FICA Tip Credit and Recent New York City Determination
As you are aware, the Federal “Credit for Employer Social Security and Medicare Taxes,” commonly referred to as “the FICA Tip Credit,” was instituted to encourage tip reporting and securing Social Security benefits for tipped workers. Restaurant owners that are incorporated as C corporations would use the credit to directly reduce their tax liabilities on their corporation tax filing. S corporation, in contrast, would pass the credit to their shareholder or members, who would claim them on their personal income tax returns. If a restaurant owner elects to utilize the FICA Tip Credit for federal purposes, they forego the deduction of the Social Security and Medicare taxes. That is, the IRS allows restaurants to take a tax deduction for the FICA tax expense it pays on employee tips or a FICA Tip Credit related to those expenses, but not both (IRC Section 45 (B)(c)).
Most states and local taxing authorities do not have a corresponding credit for corporation and unincorporated business tax purposes. Thus, FICA taxes paid, but not deducted for federal tax purposes, are often not allowed as a state or local deduction, but few states or local jurisdictions have issued definitive guidance on this matter.
Historically under audit, New York City has disallowed the FICA Tip Credit deduction as a modification; this is irrespective of the fact that we have successfully secured a negotiated 20% allowable subtraction. However, a recent New York City Administrative Law Judge (“ALJ”) determination, which granted the City’s motion for summary judgement, held that the FICA Tip Credit cannot be taken as a subtraction modification (In the Matter of the Petition of ARK Restaurants Corp. TAT(H)16-18 (GC)). That is, the ALJ ruled without the need for a formal hearing on the merits since it was determined that there were no facts in dispute and the law was clear on the issue.
In summary, the ALJ determination’s reasoning for granting summary judgement included:
1. Analysis of how the benefit is received at the Federal level. i.e. a credit is allowed, but to avoid a double benefit, the expense (FICA Tip Credit Amount) must be subtracted accordingly;
2. Federal Taxable Income is the starting point for NYC general corporation tax purposes i.e. starting point for Entire Net Income. (This would not include a deduction amount as it is required to be subtracted from the allowable expenses);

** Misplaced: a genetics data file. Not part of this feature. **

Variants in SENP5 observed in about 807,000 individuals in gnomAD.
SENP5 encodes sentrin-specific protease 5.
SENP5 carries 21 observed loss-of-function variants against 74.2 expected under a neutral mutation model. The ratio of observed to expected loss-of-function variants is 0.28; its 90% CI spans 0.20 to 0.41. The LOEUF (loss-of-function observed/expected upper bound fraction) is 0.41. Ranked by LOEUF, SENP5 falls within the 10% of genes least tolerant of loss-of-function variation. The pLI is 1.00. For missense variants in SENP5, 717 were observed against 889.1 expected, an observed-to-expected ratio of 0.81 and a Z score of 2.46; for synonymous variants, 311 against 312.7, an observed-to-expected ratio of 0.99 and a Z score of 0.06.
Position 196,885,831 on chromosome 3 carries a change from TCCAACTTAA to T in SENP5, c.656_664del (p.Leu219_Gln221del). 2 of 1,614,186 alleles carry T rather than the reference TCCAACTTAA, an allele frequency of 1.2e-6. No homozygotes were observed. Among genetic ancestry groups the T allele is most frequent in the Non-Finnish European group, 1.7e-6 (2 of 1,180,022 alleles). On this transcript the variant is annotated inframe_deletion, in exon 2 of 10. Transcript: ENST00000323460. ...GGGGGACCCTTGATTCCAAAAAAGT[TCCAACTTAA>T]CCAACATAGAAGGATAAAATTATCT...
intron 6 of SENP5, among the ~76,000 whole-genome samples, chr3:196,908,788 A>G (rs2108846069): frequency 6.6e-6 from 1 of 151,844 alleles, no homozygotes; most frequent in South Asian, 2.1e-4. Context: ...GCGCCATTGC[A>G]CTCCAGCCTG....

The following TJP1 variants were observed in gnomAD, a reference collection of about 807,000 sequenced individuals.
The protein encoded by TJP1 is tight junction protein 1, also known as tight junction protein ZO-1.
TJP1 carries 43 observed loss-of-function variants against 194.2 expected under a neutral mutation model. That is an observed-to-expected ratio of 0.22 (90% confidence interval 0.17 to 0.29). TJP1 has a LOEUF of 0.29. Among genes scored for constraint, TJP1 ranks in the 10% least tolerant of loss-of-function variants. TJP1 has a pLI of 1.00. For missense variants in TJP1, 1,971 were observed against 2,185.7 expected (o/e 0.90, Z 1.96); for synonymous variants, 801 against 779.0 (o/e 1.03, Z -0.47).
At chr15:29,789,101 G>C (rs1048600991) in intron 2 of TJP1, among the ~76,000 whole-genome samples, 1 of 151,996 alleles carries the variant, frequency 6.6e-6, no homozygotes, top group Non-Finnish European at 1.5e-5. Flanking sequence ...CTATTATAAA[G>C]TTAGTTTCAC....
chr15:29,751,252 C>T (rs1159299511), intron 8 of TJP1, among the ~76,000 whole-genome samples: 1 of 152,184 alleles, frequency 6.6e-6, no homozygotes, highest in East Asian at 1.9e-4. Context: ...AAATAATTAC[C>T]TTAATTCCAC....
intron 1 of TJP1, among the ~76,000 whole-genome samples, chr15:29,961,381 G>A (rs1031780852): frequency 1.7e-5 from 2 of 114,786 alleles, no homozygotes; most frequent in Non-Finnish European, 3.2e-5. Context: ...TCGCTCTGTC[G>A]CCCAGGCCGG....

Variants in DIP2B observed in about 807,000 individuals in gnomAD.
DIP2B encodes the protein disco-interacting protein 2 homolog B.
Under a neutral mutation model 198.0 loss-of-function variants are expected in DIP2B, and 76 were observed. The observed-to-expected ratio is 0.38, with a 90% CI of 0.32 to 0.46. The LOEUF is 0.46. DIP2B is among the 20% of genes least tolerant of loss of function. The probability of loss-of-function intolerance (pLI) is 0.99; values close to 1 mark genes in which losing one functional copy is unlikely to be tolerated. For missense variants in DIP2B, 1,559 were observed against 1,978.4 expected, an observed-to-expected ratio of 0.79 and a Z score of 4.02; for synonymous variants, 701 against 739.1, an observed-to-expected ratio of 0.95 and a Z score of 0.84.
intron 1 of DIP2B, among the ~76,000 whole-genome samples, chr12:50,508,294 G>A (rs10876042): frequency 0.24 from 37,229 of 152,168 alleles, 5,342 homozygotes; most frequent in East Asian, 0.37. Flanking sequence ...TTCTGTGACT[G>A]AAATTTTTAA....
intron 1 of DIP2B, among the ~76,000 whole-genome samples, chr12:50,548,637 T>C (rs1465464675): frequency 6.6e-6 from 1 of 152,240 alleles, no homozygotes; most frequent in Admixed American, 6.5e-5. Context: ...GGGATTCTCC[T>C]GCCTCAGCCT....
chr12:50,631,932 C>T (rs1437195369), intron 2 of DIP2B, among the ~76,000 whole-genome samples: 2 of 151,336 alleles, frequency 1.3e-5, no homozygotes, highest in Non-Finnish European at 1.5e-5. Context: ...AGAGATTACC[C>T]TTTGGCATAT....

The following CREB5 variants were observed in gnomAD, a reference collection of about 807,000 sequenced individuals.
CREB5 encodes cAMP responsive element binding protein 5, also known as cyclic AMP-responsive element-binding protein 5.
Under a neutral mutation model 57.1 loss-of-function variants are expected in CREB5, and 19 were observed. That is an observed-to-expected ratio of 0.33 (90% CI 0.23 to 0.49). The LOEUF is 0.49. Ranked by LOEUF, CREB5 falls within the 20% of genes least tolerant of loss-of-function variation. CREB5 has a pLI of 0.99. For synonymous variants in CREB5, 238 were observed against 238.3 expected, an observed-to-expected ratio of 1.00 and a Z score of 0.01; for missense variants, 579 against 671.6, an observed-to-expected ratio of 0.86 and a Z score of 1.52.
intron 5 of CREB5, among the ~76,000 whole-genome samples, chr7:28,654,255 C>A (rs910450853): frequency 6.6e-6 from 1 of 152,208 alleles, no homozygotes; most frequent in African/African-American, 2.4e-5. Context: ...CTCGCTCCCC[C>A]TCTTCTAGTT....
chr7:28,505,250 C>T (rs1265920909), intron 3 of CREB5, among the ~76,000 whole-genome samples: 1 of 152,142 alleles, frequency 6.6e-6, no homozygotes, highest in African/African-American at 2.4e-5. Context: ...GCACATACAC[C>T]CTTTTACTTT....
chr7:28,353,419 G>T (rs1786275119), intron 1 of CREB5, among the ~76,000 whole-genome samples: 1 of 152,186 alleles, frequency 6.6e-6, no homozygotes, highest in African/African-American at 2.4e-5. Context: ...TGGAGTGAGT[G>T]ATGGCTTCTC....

3. There are specific enumerated additions and subtractions from the starting point (FTI) and IRC Section 45B credit is not specifically included in the Administrative Code or GCT as a modification and;
4. The choice was made by the Taxpayer to either take a deduction or a credit at the Federal level and thus they are bound by that decision. There is no “allowable” business expense available at the city level.
Based on the ARK Restaurant Corp decision, there is now administrative legal precedent related to the FICA Tip Credit deduction amount. It is our understanding that although this case is being appealed, city auditors are now using this guidance to issue their workpapers/assessments and are disallowing any FICA Tip related subtraction modification, and our previous arguments to secure a negotiated settlement on this issue appears to be no longer be viable unless Ark Restaurant is ultimately successful with its appeal. Thus, it is recommended, at this point, that none of our clients take the FICA Tip Credit deduction at the City level. If such deduction is taken, the client should be made aware of the risks of taking such a FICA Tip Credit deduction in the event of audit scrutiny.
Given the current legal precedent at the City level, caution needs to be taken on the New York State tax filings. Although New York State is not necessarily bound by the City’s determination, there is clearly risk if such a position is taken and we need to evaluate whether we can sign such a tax return.
As noted above, Ark Restaurant has filed an exception/appeal, which is currently pending. We will continue to monitor these developments and keep everyone posted.
Now for a bit of good news— The impact of this unfavorable ruling will be somewhat mitigated by the Federal benefits afforded in the newly enacted 199A qualified income deduction.
If you have any questions, please call Arvinder Kaur or Corey Rosenthal.
Corey L. Rosenthal, JD
State and Local Tax Services
Arvinder Kaur, CPAManager
State and Local Tax Services
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